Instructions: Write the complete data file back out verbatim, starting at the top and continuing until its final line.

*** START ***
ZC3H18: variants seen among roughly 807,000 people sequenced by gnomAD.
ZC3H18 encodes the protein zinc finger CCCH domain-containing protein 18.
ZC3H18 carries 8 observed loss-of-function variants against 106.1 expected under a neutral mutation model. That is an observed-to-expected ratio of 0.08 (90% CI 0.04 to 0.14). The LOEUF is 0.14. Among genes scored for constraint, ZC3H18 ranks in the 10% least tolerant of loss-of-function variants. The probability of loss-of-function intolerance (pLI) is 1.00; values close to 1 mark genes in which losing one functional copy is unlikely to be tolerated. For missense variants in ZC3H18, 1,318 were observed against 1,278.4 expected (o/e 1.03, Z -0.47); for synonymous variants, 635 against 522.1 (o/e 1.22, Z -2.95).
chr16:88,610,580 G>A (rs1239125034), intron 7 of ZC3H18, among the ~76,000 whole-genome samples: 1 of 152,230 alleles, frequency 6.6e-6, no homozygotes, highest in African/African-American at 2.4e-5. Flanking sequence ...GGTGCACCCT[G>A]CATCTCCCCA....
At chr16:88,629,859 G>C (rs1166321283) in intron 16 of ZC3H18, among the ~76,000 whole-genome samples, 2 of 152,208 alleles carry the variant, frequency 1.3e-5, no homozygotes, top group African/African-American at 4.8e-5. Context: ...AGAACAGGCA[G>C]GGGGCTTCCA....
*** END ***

ZC3H18: variants seen among roughly 807,000 people sequenced by gnomAD.
ZC3H18 encodes the protein zinc finger CCCH domain-containing protein 18.
ZC3H18 carries 8 observed loss-of-function variants against 106.1 expected under a neutral mutation model. That is an observed-to-expected ratio of 0.08 (90% CI 0.04 to 0.14). The LOEUF is 0.14. Among genes scored for constraint, ZC3H18 ranks in the 10% least tolerant of loss-of-function variants. The probability of loss-of-function intolerance (pLI) is 1.00; values close to 1 mark genes in which losing one functional copy is unlikely to be tolerated. For missense variants in ZC3H18, 1,318 were observed against 1,278.4 expected (o/e 1.03, Z -0.47); for synonymous variants, 635 against 522.1 (o/e 1.22, Z -2.95).
chr16:88,610,580 G>A (rs1239125034), intron 7 of ZC3H18, among the ~76,000 whole-genome samples: 1 of 152,230 alleles, frequency 6.6e-6, no homozygotes, highest in African/African-American at 2.4e-5. Flanking sequence ...GGTGCACCCT[G>A]CATCTCCCCA....
At chr16:88,629,859 G>C (rs1166321283) in intron 16 of ZC3H18, among the ~76,000 whole-genome samples, 2 of 152,208 alleles carry the variant, frequency 1.3e-5, no homozygotes, top group African/African-American at 4.8e-5. Context: ...AGAACAGGCA[G>C]GGGGCTTCCA....